What the months ahead hold in terms of launch is uncertain. Europe has suspended flights out of its launch base in French Guiana. Whether other spaceports are closed remains to be seen. China appears to have weathered the worst of the virus.
I would expect crew and cargo flights to the International Space Station (ISS) to continue. The first crewed flight of SpaceX’s Crew Dragon spacecraft to ISS is scheduled for mid- to late May. It’s difficult to say whether that schedule will hold.
Launch Vehicle: Long March 2C Payloads: 3 Yaogan 30-06 military surveillance satellites Launch Time: Approximately 11:40 p.m. EDT on 23rd (0340 GMT on 24th) Launch Site: Xichang, China
Astra Space scrubbed the launch of its new booster from the Pacific Spaceport Complex — Alaska (PSC — Alaska) today, putting an end to its attempt to win $12 million in the DARPA Launch Challenge and the competition itself.
The countdown reached 53 seconds prior to a scheduled liftoff at 11:55 a.m. AKST (3:55 EST). The guidance, navigation and control officer called a hold on the launch for an undisclosed data problem.
Astra Space spent the next two hours trying to address the problem and launch the rocket with four satellites aboard. The company scrubbed the launch with about 30 minutes left in the three-hour launch window.
Astra Space, which is based in Alemeda, Calif., was attempting to win $2 million from DARPA for launching today. If it was successful, the company would have been given an opportunity to conduct a second launch from a different pad at PSC — Alaska within days to win an additional $10 million.
The competition challenged companies to conduct two launches on relatively short notice within a few weeks from different locations.
Astra Space was given two weeks to relocate its booster and equipment to Alaska and conduct a launch. Monday was the last day in the launch window for the first launch.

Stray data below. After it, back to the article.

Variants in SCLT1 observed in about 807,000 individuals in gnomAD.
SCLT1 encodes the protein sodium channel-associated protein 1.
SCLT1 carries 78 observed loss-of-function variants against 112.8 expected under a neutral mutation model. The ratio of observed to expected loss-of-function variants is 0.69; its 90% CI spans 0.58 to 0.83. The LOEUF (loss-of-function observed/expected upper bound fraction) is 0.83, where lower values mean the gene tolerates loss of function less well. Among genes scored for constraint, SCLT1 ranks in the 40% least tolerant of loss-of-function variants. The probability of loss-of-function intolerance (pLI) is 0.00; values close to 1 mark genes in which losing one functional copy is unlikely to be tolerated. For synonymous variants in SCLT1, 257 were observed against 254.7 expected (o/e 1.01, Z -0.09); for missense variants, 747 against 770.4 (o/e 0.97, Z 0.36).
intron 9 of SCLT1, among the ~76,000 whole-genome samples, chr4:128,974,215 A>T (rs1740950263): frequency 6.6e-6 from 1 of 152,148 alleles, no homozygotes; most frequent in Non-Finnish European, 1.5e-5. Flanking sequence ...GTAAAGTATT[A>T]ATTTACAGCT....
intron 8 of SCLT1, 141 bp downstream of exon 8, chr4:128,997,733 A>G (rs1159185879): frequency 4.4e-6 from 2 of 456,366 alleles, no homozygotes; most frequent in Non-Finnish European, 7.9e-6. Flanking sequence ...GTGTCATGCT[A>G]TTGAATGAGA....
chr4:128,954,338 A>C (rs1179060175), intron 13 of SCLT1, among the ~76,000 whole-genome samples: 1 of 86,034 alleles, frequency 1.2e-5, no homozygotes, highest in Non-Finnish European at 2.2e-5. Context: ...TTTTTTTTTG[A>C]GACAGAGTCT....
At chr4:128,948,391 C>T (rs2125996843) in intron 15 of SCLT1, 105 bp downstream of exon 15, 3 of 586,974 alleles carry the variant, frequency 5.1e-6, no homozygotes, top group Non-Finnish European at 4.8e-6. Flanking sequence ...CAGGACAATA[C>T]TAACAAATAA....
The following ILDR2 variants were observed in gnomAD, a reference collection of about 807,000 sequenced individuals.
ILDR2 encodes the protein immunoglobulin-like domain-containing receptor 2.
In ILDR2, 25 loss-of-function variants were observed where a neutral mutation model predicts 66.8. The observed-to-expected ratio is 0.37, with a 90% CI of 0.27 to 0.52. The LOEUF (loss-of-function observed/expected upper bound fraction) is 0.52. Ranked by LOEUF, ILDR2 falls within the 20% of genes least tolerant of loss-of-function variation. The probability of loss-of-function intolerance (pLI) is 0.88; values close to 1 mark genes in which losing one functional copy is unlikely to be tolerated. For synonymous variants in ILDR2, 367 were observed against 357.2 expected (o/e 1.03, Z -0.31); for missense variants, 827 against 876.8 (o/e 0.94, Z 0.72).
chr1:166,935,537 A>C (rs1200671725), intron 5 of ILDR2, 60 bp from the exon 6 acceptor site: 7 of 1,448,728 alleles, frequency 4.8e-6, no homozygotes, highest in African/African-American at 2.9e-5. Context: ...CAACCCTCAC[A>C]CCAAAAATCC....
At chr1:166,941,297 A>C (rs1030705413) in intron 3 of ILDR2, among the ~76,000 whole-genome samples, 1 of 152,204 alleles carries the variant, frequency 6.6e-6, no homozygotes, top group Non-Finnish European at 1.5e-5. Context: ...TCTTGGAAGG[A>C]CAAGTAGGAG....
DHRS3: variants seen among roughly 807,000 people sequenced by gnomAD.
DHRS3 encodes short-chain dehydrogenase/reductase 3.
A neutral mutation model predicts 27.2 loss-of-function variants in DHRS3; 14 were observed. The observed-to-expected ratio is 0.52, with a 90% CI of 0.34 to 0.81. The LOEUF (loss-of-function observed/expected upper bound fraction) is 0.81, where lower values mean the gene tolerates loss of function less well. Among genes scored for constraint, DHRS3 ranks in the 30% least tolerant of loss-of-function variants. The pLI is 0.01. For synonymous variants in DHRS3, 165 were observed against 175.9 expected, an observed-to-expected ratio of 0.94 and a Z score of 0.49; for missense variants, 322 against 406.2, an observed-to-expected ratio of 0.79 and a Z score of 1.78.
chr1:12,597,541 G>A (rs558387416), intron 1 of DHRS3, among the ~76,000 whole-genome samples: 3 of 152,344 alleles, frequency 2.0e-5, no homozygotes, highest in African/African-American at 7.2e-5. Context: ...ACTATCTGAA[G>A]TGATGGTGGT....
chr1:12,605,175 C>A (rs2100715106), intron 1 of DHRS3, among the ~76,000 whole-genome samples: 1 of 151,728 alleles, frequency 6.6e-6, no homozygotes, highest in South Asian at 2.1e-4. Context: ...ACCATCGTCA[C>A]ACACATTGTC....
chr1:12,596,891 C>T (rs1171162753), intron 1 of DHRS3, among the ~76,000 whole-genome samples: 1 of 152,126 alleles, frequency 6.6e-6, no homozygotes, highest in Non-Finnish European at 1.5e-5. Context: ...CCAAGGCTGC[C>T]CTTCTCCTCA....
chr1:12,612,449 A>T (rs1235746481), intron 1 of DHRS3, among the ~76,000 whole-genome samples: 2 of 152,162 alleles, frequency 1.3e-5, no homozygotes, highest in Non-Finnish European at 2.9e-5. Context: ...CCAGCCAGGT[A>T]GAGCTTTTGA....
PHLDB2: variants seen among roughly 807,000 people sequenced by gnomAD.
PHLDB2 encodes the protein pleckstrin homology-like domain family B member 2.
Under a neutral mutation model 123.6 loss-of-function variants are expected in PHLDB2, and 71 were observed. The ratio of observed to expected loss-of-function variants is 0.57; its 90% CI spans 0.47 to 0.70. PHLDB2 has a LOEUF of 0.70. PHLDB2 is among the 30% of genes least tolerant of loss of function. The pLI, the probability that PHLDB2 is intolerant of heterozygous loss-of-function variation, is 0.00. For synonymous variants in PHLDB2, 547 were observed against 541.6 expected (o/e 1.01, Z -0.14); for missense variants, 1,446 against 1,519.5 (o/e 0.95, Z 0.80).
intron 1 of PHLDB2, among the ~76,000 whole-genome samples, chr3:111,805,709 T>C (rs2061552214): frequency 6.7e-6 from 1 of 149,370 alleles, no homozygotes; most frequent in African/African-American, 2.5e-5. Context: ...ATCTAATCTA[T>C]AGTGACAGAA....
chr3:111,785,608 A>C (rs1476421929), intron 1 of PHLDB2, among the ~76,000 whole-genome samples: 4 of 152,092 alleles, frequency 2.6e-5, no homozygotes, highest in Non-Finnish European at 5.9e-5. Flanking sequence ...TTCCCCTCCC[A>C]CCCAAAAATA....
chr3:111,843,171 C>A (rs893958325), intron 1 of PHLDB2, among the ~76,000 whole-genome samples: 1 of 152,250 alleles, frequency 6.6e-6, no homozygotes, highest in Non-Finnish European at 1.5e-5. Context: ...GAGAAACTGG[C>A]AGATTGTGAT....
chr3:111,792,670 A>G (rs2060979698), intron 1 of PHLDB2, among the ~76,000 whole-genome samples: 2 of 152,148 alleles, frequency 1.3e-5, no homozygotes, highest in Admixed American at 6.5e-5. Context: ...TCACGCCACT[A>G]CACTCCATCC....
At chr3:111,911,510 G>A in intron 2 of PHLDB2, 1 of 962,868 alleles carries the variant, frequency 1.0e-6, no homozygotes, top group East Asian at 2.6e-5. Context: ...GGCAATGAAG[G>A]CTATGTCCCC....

Astra Space was the last company standing in the DARPA competition. Virgin Orbit subsidiary VOX Space pulled out of the competition to focus on the still-pending maiden flight of its LauncherOne booster. Vector Space filed for bankruptcy.
The DARPA Launch Challenge is nearing its end with modified rules and only one of three finalists left standing to win $12 million in prize money.
Astra Space will attempt to conduct two launches within days of each other from the Pacific Spaceport Complex — Alaska on Kodiak Island. The launches will take place from different pads at the spaceport and place satellites into different sun-synchronous trajectories.
There were 15 flight tests of eight suborbital boosters in 2018, including six flights of two vehicles — Virgin Galactic’s SpaceShipTwo and Blue Origin’s New Shepard — that are designed to carry passengers on space tourism rides.
The race to provide launch services to the booming small satellite industry also resulted in nine flight tests of six more conventional boosters to test technologies for orbital systems. Two of the boosters tested are designed to serve the suborbital market as well.
A pair of Chinese startups took advantage of a loosening of government restrictions on launch providers to fly their rockets two times apiece. There was also suborbital flight tests of American, Japanese and South Korean rockets.
Throughout the Space Age, suborbital flight has been the least exciting segment of the launch market. Operating in the shadow of their much larger orbital cousins, sounding rockets carrying scientific instruments, microgravity experiments and technology demonstrations have flown to the fringes of space with little fanfare or media attention.
The suborbital sector has become much more dynamic in recent years now that billionaires have started spending money in it. Jeff Bezos’s Blue Origin and Richard Branson’s Virgin Galactic both made significant progress last year in testing New Shepard and SpaceShipTwo, respectively. Their achievements have raised the real possibility of suborbital space tourism flights in 2019. (I know. Promises, promises…. But, this year they might finally really do it. I think.)
Officials at the Pacific Spaceport Complex did not give a cause for why an April 6 was scrubbed earlier this month, but confirmed the decision was not related to the spaceport facilities, the Kodiak Daily Mirror reported Friday.
The new launch is scheduled for May 10 or May 11, said Mike Morton, a director of the Alaska Aerospace Corp….
The documents filed last month for the previous planned launch indicated that Astra was authorized to send up a suborbital vehicle to carry “an inert upper stage on a suborbital trajectory without a payload.”